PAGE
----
Would a serious journalist really believe that this style of journalism could enhance his, or his paper’s reputation?  But if the prime aim was to write a provocative piece that evoked emotions and engendered angry and conforming responses, judging from the comments of respondents, the article was a success.

Integrity in journalism is a precious thing.  Truth, honesty, accuracy, and quoting reliable, named sources are its lifeblood.  Good journalists know this; lesser ones seem not to know, or care.

Do we want our Prime Minister to travel overseas?

Just when it was hoped that a change of leader might bring a less opportunistic approach to opposition than did Brendan Nelson, Malcolm Turnbull outdoes his predecessor by turning up the heat on Kevin Rudd about his visit to the US.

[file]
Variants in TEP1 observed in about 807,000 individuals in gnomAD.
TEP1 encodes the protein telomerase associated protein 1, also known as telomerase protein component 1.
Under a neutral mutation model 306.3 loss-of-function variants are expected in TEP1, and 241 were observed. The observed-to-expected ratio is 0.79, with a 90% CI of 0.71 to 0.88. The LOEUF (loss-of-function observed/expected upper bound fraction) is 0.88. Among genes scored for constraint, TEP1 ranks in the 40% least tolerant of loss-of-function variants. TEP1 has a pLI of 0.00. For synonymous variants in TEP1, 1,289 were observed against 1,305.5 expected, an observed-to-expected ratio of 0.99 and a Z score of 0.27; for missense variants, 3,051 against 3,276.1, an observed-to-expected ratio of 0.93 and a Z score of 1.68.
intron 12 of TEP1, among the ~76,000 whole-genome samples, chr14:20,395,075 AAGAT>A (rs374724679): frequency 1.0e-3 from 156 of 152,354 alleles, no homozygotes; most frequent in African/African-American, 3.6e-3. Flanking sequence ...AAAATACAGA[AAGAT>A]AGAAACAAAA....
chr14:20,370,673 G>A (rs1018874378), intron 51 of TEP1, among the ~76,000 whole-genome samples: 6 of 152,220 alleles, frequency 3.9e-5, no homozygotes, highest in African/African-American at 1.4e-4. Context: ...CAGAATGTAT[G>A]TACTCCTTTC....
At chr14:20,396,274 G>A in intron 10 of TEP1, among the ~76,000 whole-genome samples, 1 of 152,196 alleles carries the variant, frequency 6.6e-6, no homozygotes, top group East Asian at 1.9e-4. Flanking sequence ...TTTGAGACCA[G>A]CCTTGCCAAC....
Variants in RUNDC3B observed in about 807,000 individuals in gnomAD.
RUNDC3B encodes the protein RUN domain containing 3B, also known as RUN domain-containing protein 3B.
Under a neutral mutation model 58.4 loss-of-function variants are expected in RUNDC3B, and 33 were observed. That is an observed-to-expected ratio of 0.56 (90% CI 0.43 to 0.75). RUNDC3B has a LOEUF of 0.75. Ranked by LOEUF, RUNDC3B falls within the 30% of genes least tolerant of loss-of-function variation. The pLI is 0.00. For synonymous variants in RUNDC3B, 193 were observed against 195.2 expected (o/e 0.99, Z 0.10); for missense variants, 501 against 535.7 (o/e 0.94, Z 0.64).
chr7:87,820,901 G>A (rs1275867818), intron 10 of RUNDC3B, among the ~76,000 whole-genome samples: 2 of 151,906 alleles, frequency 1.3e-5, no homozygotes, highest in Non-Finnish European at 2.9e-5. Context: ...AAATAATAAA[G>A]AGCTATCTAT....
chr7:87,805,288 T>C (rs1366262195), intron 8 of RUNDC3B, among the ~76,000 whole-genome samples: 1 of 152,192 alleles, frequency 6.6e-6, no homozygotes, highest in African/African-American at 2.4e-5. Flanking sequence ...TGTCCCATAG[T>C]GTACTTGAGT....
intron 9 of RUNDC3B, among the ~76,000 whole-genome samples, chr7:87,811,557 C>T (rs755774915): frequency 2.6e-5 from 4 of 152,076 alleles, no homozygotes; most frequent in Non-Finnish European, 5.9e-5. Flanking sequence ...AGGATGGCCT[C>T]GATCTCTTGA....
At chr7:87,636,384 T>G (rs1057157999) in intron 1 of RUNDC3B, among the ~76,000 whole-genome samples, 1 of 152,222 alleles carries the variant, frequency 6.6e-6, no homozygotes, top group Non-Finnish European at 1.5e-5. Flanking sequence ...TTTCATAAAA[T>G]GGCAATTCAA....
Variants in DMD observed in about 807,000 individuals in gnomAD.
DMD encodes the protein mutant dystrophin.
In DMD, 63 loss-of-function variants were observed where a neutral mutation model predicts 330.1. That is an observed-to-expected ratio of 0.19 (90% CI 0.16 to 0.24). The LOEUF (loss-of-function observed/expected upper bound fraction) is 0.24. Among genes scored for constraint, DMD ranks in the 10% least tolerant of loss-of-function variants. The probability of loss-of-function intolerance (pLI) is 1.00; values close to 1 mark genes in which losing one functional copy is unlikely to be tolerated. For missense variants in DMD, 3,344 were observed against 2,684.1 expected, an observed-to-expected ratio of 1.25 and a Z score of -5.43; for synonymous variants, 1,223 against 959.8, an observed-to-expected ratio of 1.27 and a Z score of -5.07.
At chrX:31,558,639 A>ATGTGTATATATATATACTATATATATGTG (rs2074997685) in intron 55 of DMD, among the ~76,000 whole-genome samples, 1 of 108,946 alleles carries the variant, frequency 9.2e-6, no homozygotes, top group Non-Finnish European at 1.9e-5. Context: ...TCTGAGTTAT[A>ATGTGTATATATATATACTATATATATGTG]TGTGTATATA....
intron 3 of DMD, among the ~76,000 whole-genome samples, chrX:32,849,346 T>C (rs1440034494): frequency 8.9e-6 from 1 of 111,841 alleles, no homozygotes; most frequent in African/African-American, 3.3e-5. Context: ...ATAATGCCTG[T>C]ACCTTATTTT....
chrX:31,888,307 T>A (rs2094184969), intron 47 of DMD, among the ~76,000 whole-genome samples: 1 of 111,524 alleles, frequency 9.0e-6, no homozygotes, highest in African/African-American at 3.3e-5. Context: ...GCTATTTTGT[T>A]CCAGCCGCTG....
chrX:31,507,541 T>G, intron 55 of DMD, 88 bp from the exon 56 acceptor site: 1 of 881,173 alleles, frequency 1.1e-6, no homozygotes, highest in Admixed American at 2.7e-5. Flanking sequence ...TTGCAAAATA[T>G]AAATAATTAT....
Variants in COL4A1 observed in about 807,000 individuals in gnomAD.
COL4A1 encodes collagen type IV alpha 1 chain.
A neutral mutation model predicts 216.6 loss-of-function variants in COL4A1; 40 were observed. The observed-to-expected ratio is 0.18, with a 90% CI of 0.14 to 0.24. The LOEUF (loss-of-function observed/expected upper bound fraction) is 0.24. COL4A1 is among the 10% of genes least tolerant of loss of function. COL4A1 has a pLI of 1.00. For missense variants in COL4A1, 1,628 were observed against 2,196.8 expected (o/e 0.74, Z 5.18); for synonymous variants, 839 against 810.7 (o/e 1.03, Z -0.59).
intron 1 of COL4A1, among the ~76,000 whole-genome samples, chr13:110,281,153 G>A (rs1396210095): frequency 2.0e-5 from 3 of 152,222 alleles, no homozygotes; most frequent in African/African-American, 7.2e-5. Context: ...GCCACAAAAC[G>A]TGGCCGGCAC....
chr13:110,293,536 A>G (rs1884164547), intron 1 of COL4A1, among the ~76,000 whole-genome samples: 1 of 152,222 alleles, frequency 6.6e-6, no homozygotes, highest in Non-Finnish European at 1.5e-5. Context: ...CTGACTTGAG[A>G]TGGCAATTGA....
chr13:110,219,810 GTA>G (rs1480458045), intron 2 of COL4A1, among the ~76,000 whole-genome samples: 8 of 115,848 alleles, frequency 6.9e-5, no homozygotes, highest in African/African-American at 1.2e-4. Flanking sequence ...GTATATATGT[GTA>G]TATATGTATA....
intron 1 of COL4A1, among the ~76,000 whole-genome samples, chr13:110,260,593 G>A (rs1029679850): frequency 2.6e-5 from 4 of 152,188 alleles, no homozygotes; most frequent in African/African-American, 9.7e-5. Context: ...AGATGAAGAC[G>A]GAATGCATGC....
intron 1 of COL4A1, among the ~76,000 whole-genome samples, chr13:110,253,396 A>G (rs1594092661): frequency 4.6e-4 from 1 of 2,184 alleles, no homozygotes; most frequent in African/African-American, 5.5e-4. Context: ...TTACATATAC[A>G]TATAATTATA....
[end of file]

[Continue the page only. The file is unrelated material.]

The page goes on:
We all know why Rudd is going – to speak to the UN about Australian membership of the Security Council and climate change, and now that global markets are in turmoil, to consult with many of the 100 heads of government that will be in New York for three days where the number one topic will be the content of a further global response to the financial crisis.  We know he plans to have formal bilateral meetings with more than a dozen of these world leaders, and informal meetings with another ten to fifteen.  He plans to have contact with US President George W Bush and key financial figures, and take part in a Commonwealth Heads of Government meeting on reform of financial regulation.  All in three days.